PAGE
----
COMMENT BY MATHEW CARR [CarrZee]
Feb. 5, 2022 — LONDON: Reporters are meant to be neutral. Get a round up of views and facts about a certain topic, present the reporting, and finish a compelling narrative with a logical conclusion about why the reader should care or act.
I believed I was the poster child of neutral reporter. That’s what my most-recent employer seemed to be telling me for most of my 20-year career, but apparently it changed its mind during the last few years.
About seven years ago, after more than a decade of writing about climate solutions, it seemed important that the world had signed onto the Paris climate deal. A few years later, I began to notice that there was still a systematic bias in our reporting toward the status-quo dirty system in the energy and commodities team at Bloomberg News.
We were sending scores of reporters to cover the OPEC meetings, where government officials rig the market for crude oil. Climate-change meetings at the United Nations level were allowed to unfold with little coverage, whatsoever, even though I thought it was well known that the switch to a cleaner system was going to be extremely tough because it requires global collaboration.
I was being required to write about natural gas rather than carbon markets.
The fossil fuel bias shouldn’t hold, I was thinking. The world has agreed to cut emissions dramatically. I began to blow the whistle, or I thought I did, at least.
I had limited impact. I was ultimately fired in 2020, after being told I was too biased toward climate action. Management said I’d become incapable. These accusations seemed outrageous then.
And now I’ve been through several internal investigations and more than five unfair-dismissal / whistleblowing hearings in London’s system of employment tribunals, losing at most of them, they seem even more outrageous.
I’m not wrong to assume the world means what it says. What’s so hard? Continuing to kill the climate — that’s clearly bias. Clean energy is already cheap, especially when the cost is spread over 15 plus years (which is can be via financing).
Here is how I argued it to the Tribunal back in August 2020:
The Respondent [Bloomberg] argues the Claimant [CarrZee] was campaigning. Because of the Paris climate deal struck in 2015 the global frame of reference on campaigning journalism had changed. Before then there was no global carbon budget, so anti-fossil fuel reporting could be labelled “campaigning.” After Dec. 2015 there was a global budget (or at least after 2016 when the Paris deal was ratified). Paris required anti-fossil fuel reporting to become the norm, and that is why the Claimant’s disclosures were highlighting a failure of the Respondent and so they are protected. Paris turned much of the benign-fossil-fuel reporting into campaigning. This is why the disclosures were novel, even if that is not necessary to show. See also paragraph 89 of the decision, where the Tribunal states the claimant’s disclosures were too general. Again, the Tribunal might reconsider all the alleged protected disclosures, starting in 2016. The background is crucial in this case, because it is about the Respondent’s behavior toward the Claimant since 2015, when Paris was struck.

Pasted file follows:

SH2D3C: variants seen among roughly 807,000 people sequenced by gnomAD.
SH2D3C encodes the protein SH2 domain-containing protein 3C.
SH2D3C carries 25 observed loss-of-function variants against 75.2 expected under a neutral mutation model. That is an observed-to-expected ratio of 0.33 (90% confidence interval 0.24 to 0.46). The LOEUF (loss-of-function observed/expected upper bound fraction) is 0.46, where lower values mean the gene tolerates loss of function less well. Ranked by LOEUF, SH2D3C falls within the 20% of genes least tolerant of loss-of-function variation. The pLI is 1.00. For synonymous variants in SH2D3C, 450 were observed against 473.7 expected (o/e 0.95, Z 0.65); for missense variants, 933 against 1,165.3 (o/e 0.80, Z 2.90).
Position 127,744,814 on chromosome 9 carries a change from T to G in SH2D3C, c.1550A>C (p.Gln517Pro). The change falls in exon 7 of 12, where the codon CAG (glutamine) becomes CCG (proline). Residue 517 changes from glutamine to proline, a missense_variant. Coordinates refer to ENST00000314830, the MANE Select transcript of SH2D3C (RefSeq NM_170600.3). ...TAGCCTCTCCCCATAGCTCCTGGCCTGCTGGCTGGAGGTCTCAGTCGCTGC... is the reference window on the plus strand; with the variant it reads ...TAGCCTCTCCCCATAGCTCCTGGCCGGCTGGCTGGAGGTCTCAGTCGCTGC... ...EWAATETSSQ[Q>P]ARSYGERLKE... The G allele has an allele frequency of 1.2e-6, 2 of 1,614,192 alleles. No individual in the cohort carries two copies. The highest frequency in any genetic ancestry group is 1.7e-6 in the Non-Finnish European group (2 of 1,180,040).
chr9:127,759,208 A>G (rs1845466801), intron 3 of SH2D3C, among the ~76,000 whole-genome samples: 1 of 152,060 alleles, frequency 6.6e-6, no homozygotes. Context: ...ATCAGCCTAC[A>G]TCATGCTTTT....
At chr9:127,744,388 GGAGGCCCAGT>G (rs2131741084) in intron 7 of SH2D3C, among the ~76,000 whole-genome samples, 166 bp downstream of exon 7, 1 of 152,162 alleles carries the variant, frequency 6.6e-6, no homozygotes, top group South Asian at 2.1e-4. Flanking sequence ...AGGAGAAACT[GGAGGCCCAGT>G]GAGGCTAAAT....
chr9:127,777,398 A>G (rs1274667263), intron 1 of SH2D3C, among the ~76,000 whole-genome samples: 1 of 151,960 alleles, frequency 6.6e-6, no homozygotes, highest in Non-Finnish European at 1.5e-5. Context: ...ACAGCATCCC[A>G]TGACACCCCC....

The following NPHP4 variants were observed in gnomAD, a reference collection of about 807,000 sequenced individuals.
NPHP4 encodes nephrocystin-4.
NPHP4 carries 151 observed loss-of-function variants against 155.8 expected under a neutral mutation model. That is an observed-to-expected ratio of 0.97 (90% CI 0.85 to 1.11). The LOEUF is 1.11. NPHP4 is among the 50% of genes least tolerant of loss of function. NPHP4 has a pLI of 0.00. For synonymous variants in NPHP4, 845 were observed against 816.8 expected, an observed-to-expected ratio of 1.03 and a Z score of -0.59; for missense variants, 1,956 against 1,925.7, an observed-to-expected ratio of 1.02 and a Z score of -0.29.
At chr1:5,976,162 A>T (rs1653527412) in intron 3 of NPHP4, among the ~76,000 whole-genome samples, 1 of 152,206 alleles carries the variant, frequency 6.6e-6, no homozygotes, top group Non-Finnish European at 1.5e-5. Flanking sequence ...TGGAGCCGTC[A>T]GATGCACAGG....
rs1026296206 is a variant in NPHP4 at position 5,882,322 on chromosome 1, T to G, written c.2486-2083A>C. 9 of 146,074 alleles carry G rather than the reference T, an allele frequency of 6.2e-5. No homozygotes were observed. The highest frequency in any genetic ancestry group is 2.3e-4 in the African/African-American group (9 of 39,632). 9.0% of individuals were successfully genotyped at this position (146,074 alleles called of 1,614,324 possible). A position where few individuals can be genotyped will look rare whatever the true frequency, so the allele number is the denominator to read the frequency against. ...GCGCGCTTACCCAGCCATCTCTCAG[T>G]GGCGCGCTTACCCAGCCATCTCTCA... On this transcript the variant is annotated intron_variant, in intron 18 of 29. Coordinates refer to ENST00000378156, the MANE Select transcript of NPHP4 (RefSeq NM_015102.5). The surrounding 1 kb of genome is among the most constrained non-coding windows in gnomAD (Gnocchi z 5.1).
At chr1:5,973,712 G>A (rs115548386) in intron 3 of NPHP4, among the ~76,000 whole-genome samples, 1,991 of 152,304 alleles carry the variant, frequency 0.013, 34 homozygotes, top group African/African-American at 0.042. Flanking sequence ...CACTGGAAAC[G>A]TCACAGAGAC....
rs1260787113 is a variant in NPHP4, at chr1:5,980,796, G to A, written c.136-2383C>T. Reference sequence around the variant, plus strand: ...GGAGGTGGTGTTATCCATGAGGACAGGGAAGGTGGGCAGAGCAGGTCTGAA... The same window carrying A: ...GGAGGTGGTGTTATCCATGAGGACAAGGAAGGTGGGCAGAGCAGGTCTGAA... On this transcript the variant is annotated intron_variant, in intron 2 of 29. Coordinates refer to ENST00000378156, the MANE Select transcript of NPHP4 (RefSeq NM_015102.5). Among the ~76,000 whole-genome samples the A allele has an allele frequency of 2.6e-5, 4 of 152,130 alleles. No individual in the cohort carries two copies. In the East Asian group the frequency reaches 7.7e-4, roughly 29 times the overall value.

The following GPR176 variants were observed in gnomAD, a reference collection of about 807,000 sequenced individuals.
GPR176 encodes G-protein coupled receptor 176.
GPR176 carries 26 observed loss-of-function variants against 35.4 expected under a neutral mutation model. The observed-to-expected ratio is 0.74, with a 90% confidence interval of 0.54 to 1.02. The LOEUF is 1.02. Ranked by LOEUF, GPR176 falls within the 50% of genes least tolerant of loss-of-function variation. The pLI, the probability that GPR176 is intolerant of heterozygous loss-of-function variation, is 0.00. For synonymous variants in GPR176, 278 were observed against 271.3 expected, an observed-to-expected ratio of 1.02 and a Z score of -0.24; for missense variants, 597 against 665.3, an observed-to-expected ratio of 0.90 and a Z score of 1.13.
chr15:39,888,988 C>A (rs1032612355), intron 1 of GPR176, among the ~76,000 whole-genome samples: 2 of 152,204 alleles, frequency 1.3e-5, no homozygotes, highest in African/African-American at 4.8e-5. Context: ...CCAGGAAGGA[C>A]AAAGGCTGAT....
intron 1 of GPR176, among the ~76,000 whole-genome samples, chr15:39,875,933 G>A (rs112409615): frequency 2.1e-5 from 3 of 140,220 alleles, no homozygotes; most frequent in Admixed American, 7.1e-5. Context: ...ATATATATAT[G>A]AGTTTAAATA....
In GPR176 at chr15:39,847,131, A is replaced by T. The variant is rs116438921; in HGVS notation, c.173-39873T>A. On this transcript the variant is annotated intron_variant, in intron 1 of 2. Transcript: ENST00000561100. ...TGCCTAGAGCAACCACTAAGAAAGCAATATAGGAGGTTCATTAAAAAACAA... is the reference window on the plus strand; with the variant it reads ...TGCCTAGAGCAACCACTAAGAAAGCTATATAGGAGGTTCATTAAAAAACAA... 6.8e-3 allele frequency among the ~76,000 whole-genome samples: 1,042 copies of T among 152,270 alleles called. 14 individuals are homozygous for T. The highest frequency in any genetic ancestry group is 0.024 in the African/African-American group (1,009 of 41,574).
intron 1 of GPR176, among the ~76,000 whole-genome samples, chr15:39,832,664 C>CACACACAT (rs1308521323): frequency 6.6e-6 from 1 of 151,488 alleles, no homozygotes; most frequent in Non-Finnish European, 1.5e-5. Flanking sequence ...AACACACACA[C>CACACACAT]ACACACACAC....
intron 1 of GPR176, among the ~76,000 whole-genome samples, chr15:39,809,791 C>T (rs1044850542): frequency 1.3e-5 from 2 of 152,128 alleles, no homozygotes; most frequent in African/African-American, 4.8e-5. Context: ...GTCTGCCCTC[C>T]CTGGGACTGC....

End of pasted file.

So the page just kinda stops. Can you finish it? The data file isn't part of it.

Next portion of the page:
The Tribunal dismissed the argument and most of my others, as well. Several other tribunal judges have joined the party. I’ll ignore the legalities in the above text for the purposes of this column.
I’m writing this story today in February 2022 because even still now, we are seeing clean energy undeservably getting the blame for the energy crisis, which is basically caused by high oil and natural gas prices ramped by fossil fuel providers in rigged markets.
The situation is basically this (ignoring many important nuances): polluters are creating a crisis by withholding supply in a bid to delay climate action. It’s predatory and it’s fabricated. The greedy brazeness is just stunning and barely anyone is saying anything about the root causes. So, the polluters’ strategy is working.
The winter is mild and commodity prices really should have collapsed already because of the lower demand. (I’m ignoring a few important nuances here, too.)
Three important “to be sures”:
High fossil fuel prices boost the pace of the transition by making clean alternatives even more attractive.
High prices make it easier to remove fossil-fuel subsidies. The sellers of fossil fuels can back up their economies with high commodity prices rather than subsidies.
And as fossil commodity prices come down (and they will eventually / soon), clever lawmakers can boost / install carbon prices and the end consumer won’t notice as much when higher carbon prices replace commodity costs in their utility bills / at the gasoline pump.
The silence or misleading stories across much of the news media is made even more shocking because we are coming out of a pandemic that’s hurt most of the world’s population financially. Enough is enough.
Of course, fossil fuels will play a declining role for the next three decades at least, but we’ve been beholden to polluters for too long.
More aggressively sticking to the Paris climate deal emission limits would have made the world a much safer place right now. Saying so wasn’t (and isn’t) biased or campaign journalism, it’s neutral science and maths – a logical conclusion based on facts.
Please share and support my GoFundMe, where I’m seeking financial help for what will hopefully be the last part of my litigation and to potentially pay a 40,000 pound cost order sought by Bloomberg LP. Yes, Bloomberg wants me to pay for a portion of its legal costs. See, also, this overview.
(Updates to make the three benefits clearer)